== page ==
Alternatively, set the line width on the node to 0pt with line width=0pt. Good diagnosis! For further information on why this occurs, see tex.stackexchange.com/q/29874/86 –  Loop Space Jan 8 '13 at 12:25
    
Great, thanks. I had to add yet another parameter to allow arbitrary heights as well as width and it's really a shame that you can't just determine these automatically but all in all in a great solution :) –  Christian Jan 8 '13 at 17:22
1  
Hm. This looks nice but I need to know the dimensions of the cell. I like using "tabu" for tables so that I don't need to care about width of columns. It'd be cool if there was a generic solution. –  Frederick Nord Feb 10 '13 at 23:02
    
@FrederickNord I agree, there really should be a package that provides a simple \diagcell{}{} macro that you can use in any table cell and that's it. But maybe this is another case for tex.stackexchange.com/questions/27440/what-cant-tex-do –  Christian Mar 12 '13 at 23:08
    
Just wanted to point to this follow-up question: tex.stackexchange.com/questions/110340/… –  Christian Apr 23 '13 at 19:15

The makecell package uses LaTeX's picture environment for drawing. Rather than use specials, this uses pre-draw graphical elements stored in appropriate fonts. However, such an approach has available only a fixed range of slopes for lines (amongst other limitations). What appears to happen here is that makecell is using the closes height/width it can with this limitation, but that this means that the width may be out by an amount dependent on the different between the actual height/width ratio and the nearest available line slope.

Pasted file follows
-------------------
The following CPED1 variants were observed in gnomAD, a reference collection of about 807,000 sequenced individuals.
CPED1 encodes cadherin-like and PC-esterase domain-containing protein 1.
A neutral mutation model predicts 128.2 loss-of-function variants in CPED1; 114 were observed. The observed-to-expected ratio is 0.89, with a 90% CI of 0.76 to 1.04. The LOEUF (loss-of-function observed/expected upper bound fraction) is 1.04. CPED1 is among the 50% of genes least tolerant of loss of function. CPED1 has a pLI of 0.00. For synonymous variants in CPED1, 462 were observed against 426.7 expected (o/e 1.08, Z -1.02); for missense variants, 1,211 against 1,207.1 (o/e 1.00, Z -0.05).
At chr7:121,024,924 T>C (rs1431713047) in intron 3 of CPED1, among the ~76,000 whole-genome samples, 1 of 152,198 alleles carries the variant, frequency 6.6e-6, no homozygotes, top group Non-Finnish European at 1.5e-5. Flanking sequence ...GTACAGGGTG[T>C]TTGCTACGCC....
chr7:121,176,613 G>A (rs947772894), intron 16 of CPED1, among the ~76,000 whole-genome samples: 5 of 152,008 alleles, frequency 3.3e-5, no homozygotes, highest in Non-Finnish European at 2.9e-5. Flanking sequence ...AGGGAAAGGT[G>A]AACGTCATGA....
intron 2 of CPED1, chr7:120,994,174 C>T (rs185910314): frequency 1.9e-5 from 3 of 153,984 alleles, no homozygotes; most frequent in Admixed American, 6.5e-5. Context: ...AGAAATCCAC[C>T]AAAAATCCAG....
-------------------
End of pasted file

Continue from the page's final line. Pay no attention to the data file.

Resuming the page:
In particular, \diaghead has an optional ratio argument which sets the height-to-width ratios, but this has to be in integer values (try \diaghead(5,-2.5)). Thus the code is not allow us to bypass the fixed ratios available even with more extended picture support (for example the eepic package).

Using TikZ circumvents this problem as the line is then draw as a special, which may be of any angle. (Limitations on specials are down to the driver, not the fonts available). It's also worth noting that TikZ is written assuming floating point values from the start, so correctly handles the calculations.

A number of approaches to the problem are available in Diagonal lines in table cell (see in particular Leo Liu's answer, which uses TikZ only as far as dealing with the split cell). The diagbox package is also available: it uses pict2e to implement the split box.

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1  
So pict2e fixes the problem you described and therefore diagbox doesn't suffer from it? The answer you highlighted also produces imperfect results BTW. I'm going to add this to my question. –  Christian Jan 8 '13 at 10:00
    
@Christian Loading pict2e does not fix diagbox as it still uses a fixed angle. I didn't check to the zoom leave you've used on the other solutions: there is the possibility that there is some rounding error somewhere or similar. David Carlislie suggested in chat that the best approach is probably to work out the sloping part then alter the column width to match this: I've not tested. –  Joseph Wright Jan 8 '13 at 10:47
2  
Ok so I gather despite all the threads and many solutions to this problem, a real solution without going all-TikZ is still outstanding. I should probably open yet another question for this. Thanks for the great explanation so far! –  Christian Jan 8 '13 at 10:51